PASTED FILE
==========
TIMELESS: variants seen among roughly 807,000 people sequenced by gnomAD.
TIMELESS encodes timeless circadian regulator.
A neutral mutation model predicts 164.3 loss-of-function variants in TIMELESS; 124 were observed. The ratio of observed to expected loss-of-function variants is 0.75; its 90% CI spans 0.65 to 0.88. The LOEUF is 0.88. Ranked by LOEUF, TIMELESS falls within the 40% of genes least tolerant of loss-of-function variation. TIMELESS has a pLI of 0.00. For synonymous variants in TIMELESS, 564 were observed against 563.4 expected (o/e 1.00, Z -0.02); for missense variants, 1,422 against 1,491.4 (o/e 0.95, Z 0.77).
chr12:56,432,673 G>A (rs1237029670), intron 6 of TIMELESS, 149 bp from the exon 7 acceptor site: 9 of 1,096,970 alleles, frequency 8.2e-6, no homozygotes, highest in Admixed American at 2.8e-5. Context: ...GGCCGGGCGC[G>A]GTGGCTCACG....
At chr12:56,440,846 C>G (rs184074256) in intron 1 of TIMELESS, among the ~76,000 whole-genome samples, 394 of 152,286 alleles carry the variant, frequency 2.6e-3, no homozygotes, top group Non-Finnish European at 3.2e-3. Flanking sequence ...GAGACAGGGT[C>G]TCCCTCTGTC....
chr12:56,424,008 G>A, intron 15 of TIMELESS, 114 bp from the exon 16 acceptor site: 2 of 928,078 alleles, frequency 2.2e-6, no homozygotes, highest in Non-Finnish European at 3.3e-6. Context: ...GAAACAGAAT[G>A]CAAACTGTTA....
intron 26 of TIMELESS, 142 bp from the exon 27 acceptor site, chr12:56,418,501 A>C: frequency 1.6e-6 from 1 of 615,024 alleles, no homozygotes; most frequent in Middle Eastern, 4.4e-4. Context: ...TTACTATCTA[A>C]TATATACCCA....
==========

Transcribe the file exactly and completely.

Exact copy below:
TIMELESS: variants seen among roughly 807,000 people sequenced by gnomAD.
TIMELESS encodes timeless circadian regulator.
A neutral mutation model predicts 164.3 loss-of-function variants in TIMELESS; 124 were observed. The ratio of observed to expected loss-of-function variants is 0.75; its 90% CI spans 0.65 to 0.88. The LOEUF is 0.88. Ranked by LOEUF, TIMELESS falls within the 40% of genes least tolerant of loss-of-function variation. TIMELESS has a pLI of 0.00. For synonymous variants in TIMELESS, 564 were observed against 563.4 expected (o/e 1.00, Z -0.02); for missense variants, 1,422 against 1,491.4 (o/e 0.95, Z 0.77).
chr12:56,432,673 G>A (rs1237029670), intron 6 of TIMELESS, 149 bp from the exon 7 acceptor site: 9 of 1,096,970 alleles, frequency 8.2e-6, no homozygotes, highest in Admixed American at 2.8e-5. Context: ...GGCCGGGCGC[G>A]GTGGCTCACG....
At chr12:56,440,846 C>G (rs184074256) in intron 1 of TIMELESS, among the ~76,000 whole-genome samples, 394 of 152,286 alleles carry the variant, frequency 2.6e-3, no homozygotes, top group Non-Finnish European at 3.2e-3. Flanking sequence ...GAGACAGGGT[C>G]TCCCTCTGTC....
chr12:56,424,008 G>A, intron 15 of TIMELESS, 114 bp from the exon 16 acceptor site: 2 of 928,078 alleles, frequency 2.2e-6, no homozygotes, highest in Non-Finnish European at 3.3e-6. Context: ...GAAACAGAAT[G>A]CAAACTGTTA....
intron 26 of TIMELESS, 142 bp from the exon 27 acceptor site, chr12:56,418,501 A>C: frequency 1.6e-6 from 1 of 615,024 alleles, no homozygotes; most frequent in Middle Eastern, 4.4e-4. Context: ...TTACTATCTA[A>C]TATATACCCA....